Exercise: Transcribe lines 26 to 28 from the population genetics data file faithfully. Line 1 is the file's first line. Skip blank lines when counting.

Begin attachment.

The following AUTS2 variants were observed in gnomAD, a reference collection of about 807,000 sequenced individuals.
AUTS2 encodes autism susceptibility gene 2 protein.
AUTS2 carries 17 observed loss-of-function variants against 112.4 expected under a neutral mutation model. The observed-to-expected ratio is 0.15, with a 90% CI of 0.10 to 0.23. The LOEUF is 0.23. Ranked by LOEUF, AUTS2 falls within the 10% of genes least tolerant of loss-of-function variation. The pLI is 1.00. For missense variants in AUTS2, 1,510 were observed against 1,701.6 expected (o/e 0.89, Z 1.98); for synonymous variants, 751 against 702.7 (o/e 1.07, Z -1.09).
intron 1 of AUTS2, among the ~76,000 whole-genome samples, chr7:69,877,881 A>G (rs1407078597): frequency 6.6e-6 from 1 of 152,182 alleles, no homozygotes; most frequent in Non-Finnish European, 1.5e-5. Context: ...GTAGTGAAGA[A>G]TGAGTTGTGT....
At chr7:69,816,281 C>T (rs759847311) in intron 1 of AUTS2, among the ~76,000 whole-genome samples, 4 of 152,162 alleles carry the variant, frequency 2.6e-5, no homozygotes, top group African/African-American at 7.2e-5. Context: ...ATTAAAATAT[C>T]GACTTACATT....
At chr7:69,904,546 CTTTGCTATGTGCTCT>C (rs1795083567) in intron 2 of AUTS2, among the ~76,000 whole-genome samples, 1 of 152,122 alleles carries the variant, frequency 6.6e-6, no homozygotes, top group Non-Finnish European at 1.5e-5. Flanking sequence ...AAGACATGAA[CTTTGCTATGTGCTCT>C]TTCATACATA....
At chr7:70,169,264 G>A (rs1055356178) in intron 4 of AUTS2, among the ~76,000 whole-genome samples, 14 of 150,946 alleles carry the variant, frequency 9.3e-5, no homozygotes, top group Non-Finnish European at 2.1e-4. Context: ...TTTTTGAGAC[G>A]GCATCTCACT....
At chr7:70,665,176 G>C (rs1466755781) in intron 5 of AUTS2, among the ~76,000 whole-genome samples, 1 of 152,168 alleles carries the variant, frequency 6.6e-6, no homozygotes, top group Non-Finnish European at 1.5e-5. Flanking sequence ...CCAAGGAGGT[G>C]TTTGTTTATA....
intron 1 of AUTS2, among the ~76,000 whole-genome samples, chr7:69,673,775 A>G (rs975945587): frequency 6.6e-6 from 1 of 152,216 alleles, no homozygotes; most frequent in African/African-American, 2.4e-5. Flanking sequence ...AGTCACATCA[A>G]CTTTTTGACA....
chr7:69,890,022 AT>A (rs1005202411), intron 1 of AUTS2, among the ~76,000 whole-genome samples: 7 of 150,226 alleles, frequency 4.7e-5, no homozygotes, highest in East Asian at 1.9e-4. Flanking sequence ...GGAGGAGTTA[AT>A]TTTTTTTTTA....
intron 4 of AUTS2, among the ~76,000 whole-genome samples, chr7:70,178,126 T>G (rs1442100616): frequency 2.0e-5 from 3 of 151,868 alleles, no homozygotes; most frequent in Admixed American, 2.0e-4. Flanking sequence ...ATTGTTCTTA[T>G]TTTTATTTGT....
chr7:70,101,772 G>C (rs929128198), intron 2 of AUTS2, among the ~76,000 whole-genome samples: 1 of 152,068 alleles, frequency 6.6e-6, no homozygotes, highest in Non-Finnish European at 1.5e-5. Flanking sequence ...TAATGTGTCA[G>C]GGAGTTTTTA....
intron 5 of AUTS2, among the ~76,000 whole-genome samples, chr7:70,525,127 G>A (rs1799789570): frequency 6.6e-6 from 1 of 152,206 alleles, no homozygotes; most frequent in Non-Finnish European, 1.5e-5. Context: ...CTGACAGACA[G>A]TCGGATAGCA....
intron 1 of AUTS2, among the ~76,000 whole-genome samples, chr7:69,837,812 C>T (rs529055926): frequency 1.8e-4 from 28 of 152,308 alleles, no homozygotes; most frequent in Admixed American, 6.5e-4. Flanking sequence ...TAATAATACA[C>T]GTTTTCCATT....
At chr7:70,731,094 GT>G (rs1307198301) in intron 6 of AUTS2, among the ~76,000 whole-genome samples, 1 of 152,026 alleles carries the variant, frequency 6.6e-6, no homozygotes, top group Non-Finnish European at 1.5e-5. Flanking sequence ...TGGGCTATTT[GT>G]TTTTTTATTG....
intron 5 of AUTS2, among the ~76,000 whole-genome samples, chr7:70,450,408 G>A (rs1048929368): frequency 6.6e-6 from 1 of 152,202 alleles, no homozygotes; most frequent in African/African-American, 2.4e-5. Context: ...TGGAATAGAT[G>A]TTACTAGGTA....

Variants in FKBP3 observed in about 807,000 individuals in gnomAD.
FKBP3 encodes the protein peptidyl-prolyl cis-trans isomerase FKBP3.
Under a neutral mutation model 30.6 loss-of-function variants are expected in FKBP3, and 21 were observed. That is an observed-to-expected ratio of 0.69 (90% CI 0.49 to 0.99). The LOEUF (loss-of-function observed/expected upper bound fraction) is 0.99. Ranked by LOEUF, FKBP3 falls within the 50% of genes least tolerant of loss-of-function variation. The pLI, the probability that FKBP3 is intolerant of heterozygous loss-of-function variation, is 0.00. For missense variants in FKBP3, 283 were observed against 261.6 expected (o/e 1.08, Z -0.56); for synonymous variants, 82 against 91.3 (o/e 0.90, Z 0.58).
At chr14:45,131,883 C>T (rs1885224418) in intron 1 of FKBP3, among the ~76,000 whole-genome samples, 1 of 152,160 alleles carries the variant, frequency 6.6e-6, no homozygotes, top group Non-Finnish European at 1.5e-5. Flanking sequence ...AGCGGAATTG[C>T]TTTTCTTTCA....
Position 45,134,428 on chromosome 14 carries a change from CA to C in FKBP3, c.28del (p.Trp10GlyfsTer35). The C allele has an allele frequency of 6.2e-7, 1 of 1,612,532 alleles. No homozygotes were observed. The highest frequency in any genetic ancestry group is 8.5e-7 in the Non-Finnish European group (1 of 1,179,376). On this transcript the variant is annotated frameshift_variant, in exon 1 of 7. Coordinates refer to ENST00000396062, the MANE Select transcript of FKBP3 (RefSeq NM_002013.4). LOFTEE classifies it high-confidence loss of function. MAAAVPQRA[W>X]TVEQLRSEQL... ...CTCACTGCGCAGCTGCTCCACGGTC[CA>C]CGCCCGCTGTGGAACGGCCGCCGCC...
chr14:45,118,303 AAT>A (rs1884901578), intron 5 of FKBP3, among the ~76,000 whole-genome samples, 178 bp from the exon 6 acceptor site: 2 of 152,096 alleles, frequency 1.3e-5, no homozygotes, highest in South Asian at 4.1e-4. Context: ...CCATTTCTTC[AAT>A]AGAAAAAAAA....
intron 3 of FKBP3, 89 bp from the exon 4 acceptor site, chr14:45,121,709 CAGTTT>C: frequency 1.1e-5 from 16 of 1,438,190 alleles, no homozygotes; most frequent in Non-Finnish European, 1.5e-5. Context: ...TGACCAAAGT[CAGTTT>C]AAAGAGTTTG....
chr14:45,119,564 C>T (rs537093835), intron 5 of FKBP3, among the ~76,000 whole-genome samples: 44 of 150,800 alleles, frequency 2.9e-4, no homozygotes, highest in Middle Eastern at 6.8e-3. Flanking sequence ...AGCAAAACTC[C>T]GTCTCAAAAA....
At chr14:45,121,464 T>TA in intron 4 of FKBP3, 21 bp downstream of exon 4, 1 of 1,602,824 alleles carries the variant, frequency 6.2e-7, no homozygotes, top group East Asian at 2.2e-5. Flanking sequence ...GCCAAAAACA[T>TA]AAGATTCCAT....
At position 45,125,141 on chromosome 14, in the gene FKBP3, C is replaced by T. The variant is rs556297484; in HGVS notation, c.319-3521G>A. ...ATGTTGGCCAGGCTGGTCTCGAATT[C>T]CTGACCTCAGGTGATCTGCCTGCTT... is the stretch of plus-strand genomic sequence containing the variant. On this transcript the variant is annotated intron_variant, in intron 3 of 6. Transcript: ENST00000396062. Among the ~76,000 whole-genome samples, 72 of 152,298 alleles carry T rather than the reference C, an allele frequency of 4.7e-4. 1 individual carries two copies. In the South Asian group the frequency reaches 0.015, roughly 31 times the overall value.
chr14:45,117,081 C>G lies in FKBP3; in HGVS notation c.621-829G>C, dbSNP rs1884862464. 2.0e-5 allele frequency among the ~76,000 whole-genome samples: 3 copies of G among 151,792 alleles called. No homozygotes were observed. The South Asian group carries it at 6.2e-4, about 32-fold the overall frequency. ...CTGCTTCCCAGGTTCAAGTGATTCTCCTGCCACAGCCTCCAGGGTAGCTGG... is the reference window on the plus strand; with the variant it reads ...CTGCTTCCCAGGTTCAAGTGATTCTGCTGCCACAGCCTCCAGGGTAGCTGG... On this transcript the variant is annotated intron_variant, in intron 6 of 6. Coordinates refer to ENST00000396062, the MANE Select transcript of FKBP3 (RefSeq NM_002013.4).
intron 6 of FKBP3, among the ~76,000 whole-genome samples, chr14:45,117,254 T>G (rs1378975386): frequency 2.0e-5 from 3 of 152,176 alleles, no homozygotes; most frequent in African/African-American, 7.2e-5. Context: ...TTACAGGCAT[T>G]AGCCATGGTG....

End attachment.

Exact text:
At position 45,125,141 on chromosome 14, in the gene FKBP3, C is replaced by T. The variant is rs556297484; in HGVS notation, c.319-3521G>A. ...ATGTTGGCCAGGCTGGTCTCGAATT[C>T]CTGACCTCAGGTGATCTGCCTGCTT... is the stretch of plus-strand genomic sequence containing the variant. On this transcript the variant is annotated intron_variant, in intron 3 of 6. Transcript: ENST00000396062. Among the ~76,000 whole-genome samples, 72 of 152,298 alleles carry T rather than the reference C, an allele frequency of 4.7e-4. 1 individual carries two copies. In the South Asian group the frequency reaches 0.015, roughly 31 times the overall value.
chr14:45,117,081 C>G lies in FKBP3; in HGVS notation c.621-829G>C, dbSNP rs1884862464. 2.0e-5 allele frequency among the ~76,000 whole-genome samples: 3 copies of G among 151,792 alleles called. No homozygotes were observed. The South Asian group carries it at 6.2e-4, about 32-fold the overall frequency. ...CTGCTTCCCAGGTTCAAGTGATTCTCCTGCCACAGCCTCCAGGGTAGCTGG... is the reference window on the plus strand; with the variant it reads ...CTGCTTCCCAGGTTCAAGTGATTCTGCTGCCACAGCCTCCAGGGTAGCTGG... On this transcript the variant is annotated intron_variant, in intron 6 of 6. Coordinates refer to ENST00000396062, the MANE Select transcript of FKBP3 (RefSeq NM_002013.4).
intron 6 of FKBP3, among the ~76,000 whole-genome samples, chr14:45,117,254 T>G (rs1378975386): frequency 2.0e-5 from 3 of 152,176 alleles, no homozygotes; most frequent in African/African-American, 7.2e-5. Context: ...TTACAGGCAT[T>G]AGCCATGGTG....